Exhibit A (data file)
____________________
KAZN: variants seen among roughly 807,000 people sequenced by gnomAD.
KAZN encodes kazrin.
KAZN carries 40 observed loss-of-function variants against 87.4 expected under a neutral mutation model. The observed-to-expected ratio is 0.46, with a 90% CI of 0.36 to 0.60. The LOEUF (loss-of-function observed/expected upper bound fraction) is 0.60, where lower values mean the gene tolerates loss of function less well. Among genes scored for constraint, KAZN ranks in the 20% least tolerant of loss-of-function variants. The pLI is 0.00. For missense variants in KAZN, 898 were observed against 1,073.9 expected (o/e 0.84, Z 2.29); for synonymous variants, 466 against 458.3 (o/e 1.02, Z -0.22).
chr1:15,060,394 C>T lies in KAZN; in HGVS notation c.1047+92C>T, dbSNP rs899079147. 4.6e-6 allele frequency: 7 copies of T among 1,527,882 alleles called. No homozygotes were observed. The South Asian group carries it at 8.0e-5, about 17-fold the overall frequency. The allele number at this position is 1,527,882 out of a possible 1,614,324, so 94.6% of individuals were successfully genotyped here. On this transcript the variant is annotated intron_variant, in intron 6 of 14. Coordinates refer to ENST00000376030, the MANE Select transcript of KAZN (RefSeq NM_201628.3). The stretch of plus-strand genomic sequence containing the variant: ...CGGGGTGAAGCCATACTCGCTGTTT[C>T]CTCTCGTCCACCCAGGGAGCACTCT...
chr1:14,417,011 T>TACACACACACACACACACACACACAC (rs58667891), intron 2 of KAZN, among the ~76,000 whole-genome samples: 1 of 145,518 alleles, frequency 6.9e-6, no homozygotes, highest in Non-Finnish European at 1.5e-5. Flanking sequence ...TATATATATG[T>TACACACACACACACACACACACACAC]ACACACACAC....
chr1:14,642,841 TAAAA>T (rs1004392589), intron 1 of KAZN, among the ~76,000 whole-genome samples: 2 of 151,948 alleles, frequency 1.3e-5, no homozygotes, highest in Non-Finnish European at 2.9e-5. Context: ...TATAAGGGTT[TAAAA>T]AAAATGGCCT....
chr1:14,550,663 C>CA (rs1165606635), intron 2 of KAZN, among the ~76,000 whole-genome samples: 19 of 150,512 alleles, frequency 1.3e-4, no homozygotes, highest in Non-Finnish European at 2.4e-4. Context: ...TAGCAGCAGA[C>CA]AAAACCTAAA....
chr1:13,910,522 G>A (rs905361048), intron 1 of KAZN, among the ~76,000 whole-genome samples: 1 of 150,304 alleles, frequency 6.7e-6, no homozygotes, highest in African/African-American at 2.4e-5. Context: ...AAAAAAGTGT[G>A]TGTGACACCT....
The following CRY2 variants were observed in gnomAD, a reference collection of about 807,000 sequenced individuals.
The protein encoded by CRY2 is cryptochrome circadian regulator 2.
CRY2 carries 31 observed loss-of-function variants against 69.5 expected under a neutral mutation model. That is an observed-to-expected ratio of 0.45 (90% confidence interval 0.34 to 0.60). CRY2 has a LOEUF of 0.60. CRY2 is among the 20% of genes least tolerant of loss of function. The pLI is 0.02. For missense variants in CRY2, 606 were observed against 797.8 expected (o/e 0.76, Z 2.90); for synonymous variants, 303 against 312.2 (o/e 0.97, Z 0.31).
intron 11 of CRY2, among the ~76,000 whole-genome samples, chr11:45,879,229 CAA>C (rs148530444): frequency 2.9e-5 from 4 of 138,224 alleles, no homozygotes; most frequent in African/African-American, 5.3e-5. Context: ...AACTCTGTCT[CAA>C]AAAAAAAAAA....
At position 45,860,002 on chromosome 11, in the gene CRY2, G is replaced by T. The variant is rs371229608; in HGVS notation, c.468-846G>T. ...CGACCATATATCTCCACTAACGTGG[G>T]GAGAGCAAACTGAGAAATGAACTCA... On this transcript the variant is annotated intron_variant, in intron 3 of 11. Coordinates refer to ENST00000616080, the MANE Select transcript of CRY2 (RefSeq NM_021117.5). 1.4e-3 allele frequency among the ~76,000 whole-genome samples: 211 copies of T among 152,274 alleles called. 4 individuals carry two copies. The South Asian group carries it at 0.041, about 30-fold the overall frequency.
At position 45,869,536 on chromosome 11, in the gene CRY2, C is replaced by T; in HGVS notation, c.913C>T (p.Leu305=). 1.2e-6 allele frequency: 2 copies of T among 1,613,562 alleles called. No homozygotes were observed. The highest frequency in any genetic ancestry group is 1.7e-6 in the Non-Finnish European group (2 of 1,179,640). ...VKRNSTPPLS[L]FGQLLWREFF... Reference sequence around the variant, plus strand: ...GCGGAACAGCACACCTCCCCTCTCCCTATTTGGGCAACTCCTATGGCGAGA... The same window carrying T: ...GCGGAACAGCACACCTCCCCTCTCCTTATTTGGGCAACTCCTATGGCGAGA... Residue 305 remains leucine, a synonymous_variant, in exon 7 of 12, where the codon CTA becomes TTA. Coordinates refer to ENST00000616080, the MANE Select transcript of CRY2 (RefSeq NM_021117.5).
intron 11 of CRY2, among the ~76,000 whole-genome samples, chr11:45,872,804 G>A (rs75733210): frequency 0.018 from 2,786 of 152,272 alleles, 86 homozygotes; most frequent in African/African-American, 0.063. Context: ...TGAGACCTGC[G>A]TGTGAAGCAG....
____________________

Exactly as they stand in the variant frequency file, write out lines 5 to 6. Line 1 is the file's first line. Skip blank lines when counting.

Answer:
chr1:14,417,011 T>TACACACACACACACACACACACACAC (rs58667891), intron 2 of KAZN, among the ~76,000 whole-genome samples: 1 of 145,518 alleles, frequency 6.9e-6, no homozygotes, highest in Non-Finnish European at 1.5e-5. Flanking sequence ...TATATATATG[T>TACACACACACACACACACACACACAC]ACACACACAC....
chr1:14,642,841 TAAAA>T (rs1004392589), intron 1 of KAZN, among the ~76,000 whole-genome samples: 2 of 151,948 alleles, frequency 1.3e-5, no homozygotes, highest in Non-Finnish European at 2.9e-5. Context: ...TATAAGGGTT[TAAAA>T]AAAATGGCCT....